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Gus Van Horn blog

Reblogged:One Cheer for WeWork

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Just swap a nice, juicy rib eye for that bottle, and see how little things change in a century. (Image via WikiMedia.)
In case you haven't heard, WeWork, a company that provides shared workspaces and other infrastructure for startups and other small businesses, recently adopted a policy of refusing to reimburse employees for meat-containing meal items purchased while on business. (The policy is supposed to reduce WeWork's "carbon footprint," in case you were wondering why a company would try to pressure employees into eating like vegetarians.) Business writer Suzanne Lucas amuses by indicating much better ways the company could achieve its stated goal than by annoying something close to ninety-seven percent of its employees -- and by spelling out just what a hassle this will be:
Imagine you're the person in charge of travel reimbursement. You now have to scour receipts to make sure someone didn't get chicken on those nachos. And what if an employee takes a client or a job candidate out to eat? Is the employee required to say to the client (or job candidate), "Hey, you can't order that spaghetti Bolognese. No meat!" Because that won't go over well.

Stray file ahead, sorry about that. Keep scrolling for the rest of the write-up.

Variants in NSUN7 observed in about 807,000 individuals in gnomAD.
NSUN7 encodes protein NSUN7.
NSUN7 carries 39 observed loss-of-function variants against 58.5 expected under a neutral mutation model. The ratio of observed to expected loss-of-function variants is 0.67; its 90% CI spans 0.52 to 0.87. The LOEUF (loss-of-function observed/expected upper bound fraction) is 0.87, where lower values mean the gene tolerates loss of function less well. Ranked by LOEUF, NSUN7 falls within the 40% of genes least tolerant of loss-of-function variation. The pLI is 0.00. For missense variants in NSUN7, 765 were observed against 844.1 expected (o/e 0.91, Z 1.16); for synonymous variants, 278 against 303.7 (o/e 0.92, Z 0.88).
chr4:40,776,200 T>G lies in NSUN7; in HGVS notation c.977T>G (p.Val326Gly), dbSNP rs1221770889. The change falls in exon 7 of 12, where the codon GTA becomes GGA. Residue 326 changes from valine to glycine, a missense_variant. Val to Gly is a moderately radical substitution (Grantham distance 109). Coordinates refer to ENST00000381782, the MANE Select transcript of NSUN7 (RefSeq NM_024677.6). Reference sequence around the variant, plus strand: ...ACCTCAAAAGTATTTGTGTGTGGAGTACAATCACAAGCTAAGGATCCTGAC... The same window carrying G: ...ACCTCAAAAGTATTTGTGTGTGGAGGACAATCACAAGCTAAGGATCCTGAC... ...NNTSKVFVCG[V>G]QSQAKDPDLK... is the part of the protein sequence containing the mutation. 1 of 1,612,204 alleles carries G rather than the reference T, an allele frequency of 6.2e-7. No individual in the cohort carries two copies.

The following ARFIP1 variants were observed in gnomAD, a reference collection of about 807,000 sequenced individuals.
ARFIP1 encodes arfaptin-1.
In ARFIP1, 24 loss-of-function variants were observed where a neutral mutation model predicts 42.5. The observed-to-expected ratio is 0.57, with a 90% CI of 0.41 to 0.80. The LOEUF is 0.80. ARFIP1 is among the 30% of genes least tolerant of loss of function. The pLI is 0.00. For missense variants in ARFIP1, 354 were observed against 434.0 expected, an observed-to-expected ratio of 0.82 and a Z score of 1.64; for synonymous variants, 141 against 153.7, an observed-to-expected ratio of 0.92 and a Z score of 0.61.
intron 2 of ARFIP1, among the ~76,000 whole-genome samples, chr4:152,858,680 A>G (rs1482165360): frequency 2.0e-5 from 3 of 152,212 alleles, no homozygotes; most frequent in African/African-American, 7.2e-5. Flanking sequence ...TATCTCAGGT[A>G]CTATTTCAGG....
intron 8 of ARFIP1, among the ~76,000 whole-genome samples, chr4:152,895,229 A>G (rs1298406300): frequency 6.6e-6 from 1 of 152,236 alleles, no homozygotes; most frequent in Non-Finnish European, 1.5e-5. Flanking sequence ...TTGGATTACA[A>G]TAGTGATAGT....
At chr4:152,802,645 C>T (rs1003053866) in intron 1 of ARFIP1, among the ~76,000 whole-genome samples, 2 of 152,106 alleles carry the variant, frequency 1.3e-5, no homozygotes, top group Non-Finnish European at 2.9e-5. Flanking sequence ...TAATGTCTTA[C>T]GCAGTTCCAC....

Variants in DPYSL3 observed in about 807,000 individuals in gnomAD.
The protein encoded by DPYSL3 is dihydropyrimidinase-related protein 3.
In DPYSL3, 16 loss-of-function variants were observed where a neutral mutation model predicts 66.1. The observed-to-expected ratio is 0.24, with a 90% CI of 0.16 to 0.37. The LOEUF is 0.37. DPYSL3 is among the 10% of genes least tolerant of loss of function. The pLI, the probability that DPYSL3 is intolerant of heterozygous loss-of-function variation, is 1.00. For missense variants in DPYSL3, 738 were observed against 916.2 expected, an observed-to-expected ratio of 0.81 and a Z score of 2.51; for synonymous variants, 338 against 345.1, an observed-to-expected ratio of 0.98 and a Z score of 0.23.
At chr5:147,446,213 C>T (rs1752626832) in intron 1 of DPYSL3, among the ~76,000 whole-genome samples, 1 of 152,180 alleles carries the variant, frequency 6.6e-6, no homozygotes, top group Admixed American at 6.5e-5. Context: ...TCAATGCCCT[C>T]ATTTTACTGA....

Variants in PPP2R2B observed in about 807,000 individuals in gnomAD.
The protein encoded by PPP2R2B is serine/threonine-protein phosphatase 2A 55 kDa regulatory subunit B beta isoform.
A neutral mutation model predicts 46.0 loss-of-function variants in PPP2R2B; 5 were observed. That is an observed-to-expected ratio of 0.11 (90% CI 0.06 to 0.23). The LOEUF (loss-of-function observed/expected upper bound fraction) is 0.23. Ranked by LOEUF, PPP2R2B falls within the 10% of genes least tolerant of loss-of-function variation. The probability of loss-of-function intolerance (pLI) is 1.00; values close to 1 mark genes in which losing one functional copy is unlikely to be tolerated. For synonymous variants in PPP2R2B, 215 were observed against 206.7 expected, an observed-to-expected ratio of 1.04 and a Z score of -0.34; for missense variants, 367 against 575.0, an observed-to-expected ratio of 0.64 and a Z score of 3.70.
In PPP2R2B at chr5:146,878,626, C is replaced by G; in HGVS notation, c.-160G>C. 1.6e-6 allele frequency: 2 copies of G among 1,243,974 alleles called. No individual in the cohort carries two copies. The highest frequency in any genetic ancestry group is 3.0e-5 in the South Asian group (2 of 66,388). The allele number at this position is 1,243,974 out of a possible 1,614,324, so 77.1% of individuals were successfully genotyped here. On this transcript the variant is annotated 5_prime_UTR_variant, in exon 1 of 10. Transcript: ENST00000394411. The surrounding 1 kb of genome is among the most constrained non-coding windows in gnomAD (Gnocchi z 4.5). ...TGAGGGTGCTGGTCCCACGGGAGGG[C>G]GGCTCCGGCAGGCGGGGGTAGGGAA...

And that's just a sample. Even the exceptions the company is willing to grant will entail extra inconvenience and expense.

Lucas is right that WeWork, as a private company, has the right to set whatever policies it wishes. And she is also right to mention that:
f I was balancing two job offers and one would scrutinize my business meals for signs of hamburgers and the other would not, I might be inclined to turn down the offer from the company that cared more about what I ate on a business trip than what I accomplished. I suspect I'm not alone. [bold added]
I think that there is an additional lesson here, though. Whatever you might think of WeWork's policy, at least they can only inconvenience themselves and (perhaps) those they do business with. When like-minded people demand similar policies of the government, they are asking that it force us all to live with their choices. This is not just wrong, it might be even more impractical than they realize. I don't know if WeWork sponsors organizations that seek fuel rationing or other government interference with what fuel I use, but at least they are doing two things: (1) suffering the consequences of their own foolishness, and (2) "'virtue' signalling" (by publicizing this), so I am aware that this company places other considerations above how best to offer me value for my money.

-- CAV

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